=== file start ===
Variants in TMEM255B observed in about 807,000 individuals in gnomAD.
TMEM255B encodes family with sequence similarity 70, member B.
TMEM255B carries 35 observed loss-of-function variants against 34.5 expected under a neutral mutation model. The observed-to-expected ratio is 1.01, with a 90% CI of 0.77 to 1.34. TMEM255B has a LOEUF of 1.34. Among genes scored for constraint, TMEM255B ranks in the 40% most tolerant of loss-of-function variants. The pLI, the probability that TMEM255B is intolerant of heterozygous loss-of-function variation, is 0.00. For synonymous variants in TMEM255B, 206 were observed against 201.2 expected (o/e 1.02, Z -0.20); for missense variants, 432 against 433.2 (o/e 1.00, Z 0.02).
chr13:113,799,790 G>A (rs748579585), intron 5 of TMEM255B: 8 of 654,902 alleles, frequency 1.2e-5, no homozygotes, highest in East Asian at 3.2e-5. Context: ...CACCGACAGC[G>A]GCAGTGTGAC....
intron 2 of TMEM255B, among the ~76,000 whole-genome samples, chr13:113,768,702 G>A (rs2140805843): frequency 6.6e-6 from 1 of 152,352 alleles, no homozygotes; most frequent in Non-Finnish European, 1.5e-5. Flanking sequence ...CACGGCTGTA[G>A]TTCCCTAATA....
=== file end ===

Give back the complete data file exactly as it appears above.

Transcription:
Variants in TMEM255B observed in about 807,000 individuals in gnomAD.
TMEM255B encodes family with sequence similarity 70, member B.
TMEM255B carries 35 observed loss-of-function variants against 34.5 expected under a neutral mutation model. The observed-to-expected ratio is 1.01, with a 90% CI of 0.77 to 1.34. TMEM255B has a LOEUF of 1.34. Among genes scored for constraint, TMEM255B ranks in the 40% most tolerant of loss-of-function variants. The pLI, the probability that TMEM255B is intolerant of heterozygous loss-of-function variation, is 0.00. For synonymous variants in TMEM255B, 206 were observed against 201.2 expected (o/e 1.02, Z -0.20); for missense variants, 432 against 433.2 (o/e 1.00, Z 0.02).
chr13:113,799,790 G>A (rs748579585), intron 5 of TMEM255B: 8 of 654,902 alleles, frequency 1.2e-5, no homozygotes, highest in East Asian at 3.2e-5. Context: ...CACCGACAGC[G>A]GCAGTGTGAC....
intron 2 of TMEM255B, among the ~76,000 whole-genome samples, chr13:113,768,702 G>A (rs2140805843): frequency 6.6e-6 from 1 of 152,352 alleles, no homozygotes; most frequent in Non-Finnish European, 1.5e-5. Flanking sequence ...CACGGCTGTA[G>A]TTCCCTAATA....